The next portion of the website tool takes you to your plan choices available based on the information provided. It will ask a few questions to help narrow your choices and will then ask you to choose a bronze, silver or gold plan. After choosing a plan type, it will bring all of the plans in that category up for you to review and choose from. Your exact premium, reduced by the tax credit you qualify for, will be stated when you complete or update your application.
Why aren’t there as many choices as last year?
In 59 of the state’s 120 counties, residents will have only one health insurance option on the exchange. Anthem Health Plans of Kentucky is the only company offering coverage on the exchange in every county for 2017. CareSource will offer plans in 61 counties, up from 46 in 2016 and Humana Health Plan will offer exchange plans in nine counties, down from 15 in 2016.
Baptist Health Plan, United HealthCare, WellCare and Aetna, which offered plans on the exchange in 2016, will not in 2017. Most have cited unsustainable losses.
“People should know that this transition to HealthCare.gov did not affect plan choice,” Hogan said. “All insurers made the same offerings regardless of the enrollment website we selected which is the same as in prior years.”
Hogan added, “Cost increases were not driven by the transition to HealthCare.gov.” He said premiums on exchange policies are increasing by more than 20 percent.
People whose current insurers are not offering a plan in 2017 on HealthCare.gov will be given more time to choose a plan for 2017 due to a “special enrollment period for loss of minimum essential coverage,” Hogan said.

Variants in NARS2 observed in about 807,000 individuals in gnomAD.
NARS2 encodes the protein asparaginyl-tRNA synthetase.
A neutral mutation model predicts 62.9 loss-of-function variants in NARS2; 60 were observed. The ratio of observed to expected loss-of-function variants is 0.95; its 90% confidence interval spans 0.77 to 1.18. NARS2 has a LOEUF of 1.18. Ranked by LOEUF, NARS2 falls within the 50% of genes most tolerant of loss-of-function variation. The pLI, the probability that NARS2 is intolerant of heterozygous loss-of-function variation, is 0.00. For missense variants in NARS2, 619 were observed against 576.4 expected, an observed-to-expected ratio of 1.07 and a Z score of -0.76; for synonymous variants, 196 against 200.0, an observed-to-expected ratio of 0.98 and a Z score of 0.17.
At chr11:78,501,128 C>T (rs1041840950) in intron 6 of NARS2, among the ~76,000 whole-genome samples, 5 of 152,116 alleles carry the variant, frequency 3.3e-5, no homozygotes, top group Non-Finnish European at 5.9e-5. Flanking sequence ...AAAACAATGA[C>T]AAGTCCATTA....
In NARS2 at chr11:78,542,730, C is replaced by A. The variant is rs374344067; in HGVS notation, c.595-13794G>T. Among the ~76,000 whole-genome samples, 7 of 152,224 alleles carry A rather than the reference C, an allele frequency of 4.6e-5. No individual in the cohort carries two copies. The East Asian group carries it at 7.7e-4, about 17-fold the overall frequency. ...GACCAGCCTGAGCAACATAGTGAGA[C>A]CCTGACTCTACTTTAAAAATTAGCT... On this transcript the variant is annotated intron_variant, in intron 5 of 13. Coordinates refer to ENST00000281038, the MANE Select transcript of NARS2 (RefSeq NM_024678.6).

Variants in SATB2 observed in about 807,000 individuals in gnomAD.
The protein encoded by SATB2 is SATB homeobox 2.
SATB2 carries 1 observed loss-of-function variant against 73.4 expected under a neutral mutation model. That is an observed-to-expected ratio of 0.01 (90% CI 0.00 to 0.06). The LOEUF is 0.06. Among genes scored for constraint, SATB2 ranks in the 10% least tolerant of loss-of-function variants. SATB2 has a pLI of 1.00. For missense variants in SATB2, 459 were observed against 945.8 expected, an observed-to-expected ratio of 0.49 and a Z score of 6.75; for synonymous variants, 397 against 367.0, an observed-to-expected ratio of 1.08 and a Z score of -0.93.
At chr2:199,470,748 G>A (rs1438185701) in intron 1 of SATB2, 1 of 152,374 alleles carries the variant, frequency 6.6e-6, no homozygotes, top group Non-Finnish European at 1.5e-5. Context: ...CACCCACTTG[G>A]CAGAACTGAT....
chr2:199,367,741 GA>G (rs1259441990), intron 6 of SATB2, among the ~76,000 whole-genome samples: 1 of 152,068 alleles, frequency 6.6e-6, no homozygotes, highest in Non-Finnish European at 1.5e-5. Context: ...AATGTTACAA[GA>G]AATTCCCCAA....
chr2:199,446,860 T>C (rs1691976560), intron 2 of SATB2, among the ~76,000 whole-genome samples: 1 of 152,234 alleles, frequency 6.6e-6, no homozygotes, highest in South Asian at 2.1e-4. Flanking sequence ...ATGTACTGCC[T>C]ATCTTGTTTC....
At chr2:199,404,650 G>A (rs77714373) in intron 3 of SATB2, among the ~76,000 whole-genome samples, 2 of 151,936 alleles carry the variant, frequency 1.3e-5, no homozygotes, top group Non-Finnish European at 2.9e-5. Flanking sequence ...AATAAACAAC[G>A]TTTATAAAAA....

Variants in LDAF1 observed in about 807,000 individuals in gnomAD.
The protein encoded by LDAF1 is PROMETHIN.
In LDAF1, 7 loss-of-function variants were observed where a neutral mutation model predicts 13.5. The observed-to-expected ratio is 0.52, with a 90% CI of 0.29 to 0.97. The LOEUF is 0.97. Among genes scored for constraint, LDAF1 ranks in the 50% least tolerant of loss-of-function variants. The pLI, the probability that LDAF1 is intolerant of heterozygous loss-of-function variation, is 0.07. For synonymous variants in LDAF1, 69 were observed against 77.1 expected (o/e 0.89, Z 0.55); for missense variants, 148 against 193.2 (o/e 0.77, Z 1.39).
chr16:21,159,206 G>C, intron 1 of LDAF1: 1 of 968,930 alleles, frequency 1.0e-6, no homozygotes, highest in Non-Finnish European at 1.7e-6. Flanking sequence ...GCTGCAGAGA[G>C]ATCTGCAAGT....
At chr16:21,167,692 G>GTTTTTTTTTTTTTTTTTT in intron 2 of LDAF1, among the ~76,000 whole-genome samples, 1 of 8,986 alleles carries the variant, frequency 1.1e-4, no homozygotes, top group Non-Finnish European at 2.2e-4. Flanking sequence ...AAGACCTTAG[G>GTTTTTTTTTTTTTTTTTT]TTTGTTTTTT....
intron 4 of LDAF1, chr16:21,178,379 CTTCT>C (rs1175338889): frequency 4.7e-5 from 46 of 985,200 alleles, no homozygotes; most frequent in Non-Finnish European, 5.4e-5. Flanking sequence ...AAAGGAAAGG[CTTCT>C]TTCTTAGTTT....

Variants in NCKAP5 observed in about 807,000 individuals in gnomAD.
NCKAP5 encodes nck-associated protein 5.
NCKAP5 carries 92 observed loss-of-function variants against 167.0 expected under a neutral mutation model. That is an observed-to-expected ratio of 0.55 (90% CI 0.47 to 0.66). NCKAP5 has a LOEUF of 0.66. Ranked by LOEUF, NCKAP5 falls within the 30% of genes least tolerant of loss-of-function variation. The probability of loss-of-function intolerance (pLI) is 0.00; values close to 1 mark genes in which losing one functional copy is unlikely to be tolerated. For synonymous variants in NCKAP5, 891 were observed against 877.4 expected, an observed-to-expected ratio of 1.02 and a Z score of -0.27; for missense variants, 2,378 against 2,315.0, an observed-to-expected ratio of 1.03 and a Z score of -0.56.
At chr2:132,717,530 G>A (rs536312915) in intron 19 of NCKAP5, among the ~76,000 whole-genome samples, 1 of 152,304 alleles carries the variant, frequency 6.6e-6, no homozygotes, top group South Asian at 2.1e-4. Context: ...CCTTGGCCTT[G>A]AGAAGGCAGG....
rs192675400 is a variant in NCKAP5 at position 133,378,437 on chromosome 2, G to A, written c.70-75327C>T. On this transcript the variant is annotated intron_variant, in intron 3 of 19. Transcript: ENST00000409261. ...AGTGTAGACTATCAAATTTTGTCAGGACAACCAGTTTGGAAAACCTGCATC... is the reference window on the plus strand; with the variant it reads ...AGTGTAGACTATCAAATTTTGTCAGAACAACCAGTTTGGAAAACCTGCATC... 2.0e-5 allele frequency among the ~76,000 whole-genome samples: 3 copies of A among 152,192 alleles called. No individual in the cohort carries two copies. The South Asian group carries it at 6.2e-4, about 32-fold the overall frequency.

Do we still have Kynectors?
The state has extended contracts with the same organizations that provided Kynectors, which are now called “application assisters,” Hogan said. Application assisters work with Kentuckians either in person or over the phone to answer questions or get assistance with the application and enrollment process.
“We are confident our assister agencies will have the ability to provide the same exceptional service,” Hogan said. “Every county in Kentucky is served by a contracted organization for in person assistance. Kynectors have a very active outreach program that includes sign up events, advertising, and education opportunities. They will continue to be very active in the communities they serve.”
You can find an Application assister in your area by using the “search” function on the Kynect website or by calling Kynect’s customer service.
Many Kynectors are still in the process of being trained to help clients on the federal marketplace, so Hogan said there isn’t a firm number of participating application assisters for 2017.
What about Medicaid?
The Medicaid program for low-income and disabled people, and its application process, will stay the same. It was moved from Kynect earlier this year.
Medicaid-eligible Kentuckians can apply anytime during the year through Benefind, a one-stop-shop website for public benefits. But if you are already enrolled, you don’t need to do anything until your renewal or recertification date.
“If a citizen believes they may be eligible for Medicaid (any type), we would recommend that they apply through Benefind,” Hogan said. “This would be the quickest route to receive Medicaid eligibility.”
Benefind also has an anonymous pre-screening tool to assist in determining if you are eligible for Medicaid or a QHP.
If a consumer submits an application to HealthCare.gov, it will be entered, but if the applicant is deemed Medicaid-eligible, the application will be transferred to the state for final eligibility determination. If the participant is determined eligible, Benefind will notify the participant. If more information is needed, Benefind will ask the participant for it, indicating the next steps to take.